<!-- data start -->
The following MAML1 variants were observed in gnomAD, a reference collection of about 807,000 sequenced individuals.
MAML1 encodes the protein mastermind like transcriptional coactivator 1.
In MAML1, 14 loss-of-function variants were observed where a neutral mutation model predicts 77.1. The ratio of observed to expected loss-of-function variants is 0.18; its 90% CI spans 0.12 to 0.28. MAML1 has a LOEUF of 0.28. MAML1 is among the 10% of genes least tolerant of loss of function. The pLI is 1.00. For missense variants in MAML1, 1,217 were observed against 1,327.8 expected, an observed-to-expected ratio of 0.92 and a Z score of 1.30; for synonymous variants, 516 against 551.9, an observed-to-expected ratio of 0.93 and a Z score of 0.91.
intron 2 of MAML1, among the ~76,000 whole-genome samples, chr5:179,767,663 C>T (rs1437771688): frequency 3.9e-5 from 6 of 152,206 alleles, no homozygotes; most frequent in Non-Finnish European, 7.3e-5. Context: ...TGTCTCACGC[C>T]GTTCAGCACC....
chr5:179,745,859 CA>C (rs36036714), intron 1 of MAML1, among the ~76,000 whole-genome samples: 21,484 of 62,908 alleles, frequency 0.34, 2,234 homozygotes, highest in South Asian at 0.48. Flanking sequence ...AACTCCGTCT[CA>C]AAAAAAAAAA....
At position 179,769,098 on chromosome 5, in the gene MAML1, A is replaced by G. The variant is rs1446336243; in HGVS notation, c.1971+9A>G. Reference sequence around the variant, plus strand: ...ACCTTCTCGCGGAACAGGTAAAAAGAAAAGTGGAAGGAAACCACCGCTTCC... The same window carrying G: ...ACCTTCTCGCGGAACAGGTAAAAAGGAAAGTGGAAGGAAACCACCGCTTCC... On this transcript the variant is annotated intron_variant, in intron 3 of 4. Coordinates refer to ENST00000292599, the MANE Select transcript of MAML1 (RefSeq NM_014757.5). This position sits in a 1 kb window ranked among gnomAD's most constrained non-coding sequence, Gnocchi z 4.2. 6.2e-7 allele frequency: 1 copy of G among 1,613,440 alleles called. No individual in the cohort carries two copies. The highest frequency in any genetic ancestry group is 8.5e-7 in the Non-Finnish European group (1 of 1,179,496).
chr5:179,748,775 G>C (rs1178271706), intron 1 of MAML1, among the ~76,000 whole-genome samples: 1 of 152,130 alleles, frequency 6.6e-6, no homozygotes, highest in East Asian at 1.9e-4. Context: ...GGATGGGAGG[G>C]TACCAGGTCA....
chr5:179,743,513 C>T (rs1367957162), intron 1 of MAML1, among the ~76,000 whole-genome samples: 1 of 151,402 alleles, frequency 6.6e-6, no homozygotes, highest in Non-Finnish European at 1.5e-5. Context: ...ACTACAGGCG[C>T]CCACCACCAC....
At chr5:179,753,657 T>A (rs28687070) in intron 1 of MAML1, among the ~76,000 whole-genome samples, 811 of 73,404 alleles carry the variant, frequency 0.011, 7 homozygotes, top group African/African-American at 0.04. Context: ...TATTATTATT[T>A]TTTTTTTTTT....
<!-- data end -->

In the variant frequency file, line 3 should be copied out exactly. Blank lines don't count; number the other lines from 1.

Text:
In MAML1, 14 loss-of-function variants were observed where a neutral mutation model predicts 77.1. The ratio of observed to expected loss-of-function variants is 0.18; its 90% CI spans 0.12 to 0.28. MAML1 has a LOEUF of 0.28. MAML1 is among the 10% of genes least tolerant of loss of function. The pLI is 1.00. For missense variants in MAML1, 1,217 were observed against 1,327.8 expected, an observed-to-expected ratio of 0.92 and a Z score of 1.30; for synonymous variants, 516 against 551.9, an observed-to-expected ratio of 0.93 and a Z score of 0.91.